Manchester

Manchester home building 'highest since 2008 crash'

Manchester housing development
Image caption Dozens of new skyscrapers are set to change Manchester's skyline, Deloitte said

Residential developments in central Manchester are at their highest level since the 2008 financial crash, according to a new survey.

Accountancy firm Deloitte's Manchester Crane Survey said 22 schemes had started construction, eight more than the previous high of 14 in 2008.

It said dozens of high-rise apartment buildings were set to change the city's skyline over the next few years.

Simon Bedford from Deloitte said the work reflected the city's "resurgence".

Market demand

The annual crane survey reported 6,963 residential units were currently under construction, compared with last year's 2,982.

Mr Bedford, head of Deloitte Real Estate in the North West, said: "Construction activity has not just matched 2007, it has completely blown those figures out of the water, demonstrating unparalleled scale and volume of development."

Greater Manchester has a £300m housing scheme to loan funds to developers.

The incoming chief executive of the Greater Manchester Combined Authority, Eamonn Boylan, said the bulk of the fund was being used in the city centre "because that is where the market demand is".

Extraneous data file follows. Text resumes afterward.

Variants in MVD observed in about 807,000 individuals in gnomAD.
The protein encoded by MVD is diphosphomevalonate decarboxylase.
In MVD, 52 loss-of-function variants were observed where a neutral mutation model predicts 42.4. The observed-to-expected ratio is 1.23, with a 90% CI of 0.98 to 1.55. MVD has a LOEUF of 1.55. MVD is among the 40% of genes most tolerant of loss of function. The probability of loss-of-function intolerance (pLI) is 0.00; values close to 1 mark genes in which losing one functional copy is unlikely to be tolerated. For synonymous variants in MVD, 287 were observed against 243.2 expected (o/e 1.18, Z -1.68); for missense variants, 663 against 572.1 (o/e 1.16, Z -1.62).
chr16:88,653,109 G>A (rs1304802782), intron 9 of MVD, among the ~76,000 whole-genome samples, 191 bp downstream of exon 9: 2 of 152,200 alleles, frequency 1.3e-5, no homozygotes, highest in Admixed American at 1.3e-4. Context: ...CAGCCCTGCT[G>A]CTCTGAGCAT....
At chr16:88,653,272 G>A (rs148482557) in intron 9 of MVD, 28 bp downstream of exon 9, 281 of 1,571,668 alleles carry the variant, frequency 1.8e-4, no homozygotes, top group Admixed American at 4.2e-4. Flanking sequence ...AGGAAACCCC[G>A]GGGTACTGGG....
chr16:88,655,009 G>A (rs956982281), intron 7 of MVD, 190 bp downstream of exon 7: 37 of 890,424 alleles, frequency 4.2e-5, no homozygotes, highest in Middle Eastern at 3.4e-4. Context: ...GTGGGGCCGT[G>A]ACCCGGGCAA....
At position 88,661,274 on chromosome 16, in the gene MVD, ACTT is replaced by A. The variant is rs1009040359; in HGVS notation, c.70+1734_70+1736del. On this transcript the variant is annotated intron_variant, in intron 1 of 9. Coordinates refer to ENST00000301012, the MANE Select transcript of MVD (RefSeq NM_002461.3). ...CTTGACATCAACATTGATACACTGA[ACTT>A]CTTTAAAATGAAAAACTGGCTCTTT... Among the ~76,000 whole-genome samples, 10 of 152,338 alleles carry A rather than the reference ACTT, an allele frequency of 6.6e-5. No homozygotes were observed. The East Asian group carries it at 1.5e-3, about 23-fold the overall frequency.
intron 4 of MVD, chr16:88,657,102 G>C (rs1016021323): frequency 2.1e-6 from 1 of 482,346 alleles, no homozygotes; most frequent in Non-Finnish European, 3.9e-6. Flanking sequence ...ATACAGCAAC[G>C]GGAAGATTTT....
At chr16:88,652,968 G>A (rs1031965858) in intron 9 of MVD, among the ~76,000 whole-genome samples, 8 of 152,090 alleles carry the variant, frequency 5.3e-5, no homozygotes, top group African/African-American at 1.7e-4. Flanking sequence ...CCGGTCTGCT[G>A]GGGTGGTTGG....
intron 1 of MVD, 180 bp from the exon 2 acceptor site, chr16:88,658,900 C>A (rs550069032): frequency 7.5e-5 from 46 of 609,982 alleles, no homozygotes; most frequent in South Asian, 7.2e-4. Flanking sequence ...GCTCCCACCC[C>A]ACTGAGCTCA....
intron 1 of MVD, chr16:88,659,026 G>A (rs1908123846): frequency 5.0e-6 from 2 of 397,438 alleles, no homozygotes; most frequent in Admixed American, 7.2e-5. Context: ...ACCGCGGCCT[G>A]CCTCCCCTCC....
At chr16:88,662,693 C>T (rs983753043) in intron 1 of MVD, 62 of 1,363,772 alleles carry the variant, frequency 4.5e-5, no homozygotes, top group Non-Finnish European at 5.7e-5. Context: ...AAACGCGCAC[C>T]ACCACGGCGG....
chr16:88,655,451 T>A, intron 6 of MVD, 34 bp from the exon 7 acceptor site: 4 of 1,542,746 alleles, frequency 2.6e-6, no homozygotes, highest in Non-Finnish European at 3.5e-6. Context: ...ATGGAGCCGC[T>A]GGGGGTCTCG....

"We are not simply producing luxury apartments - many of the apartments in the city centre are being bought by young professionals who are sharing those apartments and effectively creating their own affordable housing."

Image copyright Manchester City Council
Image caption The tallest skyscraper planned for Owen Street will stand at 200m (656ft), 19 storeys bigger than the current highest building, Beetham Tower, which is 168m (551ft) over 47 storeys

Analysis: Richard Stead, BBC Radio Manchester

Many of the cranes are the result of the £300m Greater Manchester Housing Fund.

It is a pot of money which has been devolved to our 10 council leaders as a result of the government's Northern Powerhouse project.

The fund provides low interest rate loans to developers, which commercial banks are unwilling to offer.

It means housing schemes that would be impossible in Birmingham, Leeds or Liverpool can be built in Greater Manchester


Plans to build the tallest skyscraper in Manchester were approved by the city council in June last year.

More than 100 nearby residents objected, saying it would look out of place and would not provide affordable housing.

But Manchester City Council said it would be "a striking landmark development" that would regenerate the area.

Mr Bedford said: "If you look across whole of city centre - there is a wide range of new apartments being constructed - many of them are being taken up by people not earning big bucks, young people accessing jobs for first time - they can afford to live in Manchester."

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